In this village is a small school with about 15 children as students. The next day we performed our community service which included painting the school and delivering the supplies that we brought for the kids. In return, the village joined us for an amazing meal cooked on a fire of hot rocks that were covered with grasses, tarps, and dirt to make a really efficient oven! The nights activities concluded with a fire and coca leaf readings by our Shaman who joined us for the journey.
We left Chillipahua and our new friends for the high country the next morning. Hiking up the trail to the San Cristobal pass at 14,800’, we were pleased to learn more about Quechuan culture from Julio as well as gaining the opportunity to deliver an “Incan baptism” to our team members. At the top of the pass, we decided we were too close to 15,000’ not to climb a little higher so we did. It was surprising to come to the top of a ridge and find four horses staring back at us.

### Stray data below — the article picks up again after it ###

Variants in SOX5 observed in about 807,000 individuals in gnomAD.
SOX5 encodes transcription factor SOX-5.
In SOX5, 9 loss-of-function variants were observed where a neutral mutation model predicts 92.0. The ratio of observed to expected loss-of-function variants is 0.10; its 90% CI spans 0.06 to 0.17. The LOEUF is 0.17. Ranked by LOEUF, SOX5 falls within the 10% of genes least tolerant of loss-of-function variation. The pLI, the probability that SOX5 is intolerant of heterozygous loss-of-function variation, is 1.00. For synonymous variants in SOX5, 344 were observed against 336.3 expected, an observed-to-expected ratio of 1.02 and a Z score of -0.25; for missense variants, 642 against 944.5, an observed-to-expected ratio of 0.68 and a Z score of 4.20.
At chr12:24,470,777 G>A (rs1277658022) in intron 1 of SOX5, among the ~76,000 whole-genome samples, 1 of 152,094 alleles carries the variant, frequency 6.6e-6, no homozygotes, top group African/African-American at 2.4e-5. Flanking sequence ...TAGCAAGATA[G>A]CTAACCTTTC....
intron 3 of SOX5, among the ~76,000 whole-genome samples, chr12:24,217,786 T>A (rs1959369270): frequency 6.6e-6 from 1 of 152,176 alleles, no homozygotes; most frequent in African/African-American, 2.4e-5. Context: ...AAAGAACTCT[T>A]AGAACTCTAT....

Descending down the pass to the Rio Cachikata, we were once again greeted by Juan and the team for lunch. While lunch rolled in, so did a storm. The rest of our day was going to be greeted with sleet and snow along with some hard rain. These are the moments in an expedition where you find out what you and your team are made of. This team jelled together amazingly. Cold, drenched, and thoroughly muddy, the team rolled into camp at Ancashcocha in great spirits.
After a brief clearing where we were able to study the Southern Cross and hemisphere in general, it was off to sleep and more snow. We awoke in the morning to snow and ice on the tents, a rarity for this time of year and area.
The sun quickly fought off the clouds and warmed the day as we descended the Rio Silke down a steep canyon with many fantastic waterfalls. At the base of the canyon, we reached our first significant village in days and camped on their local football pitch. It was great to hang out with the local kids and relax in warm weather.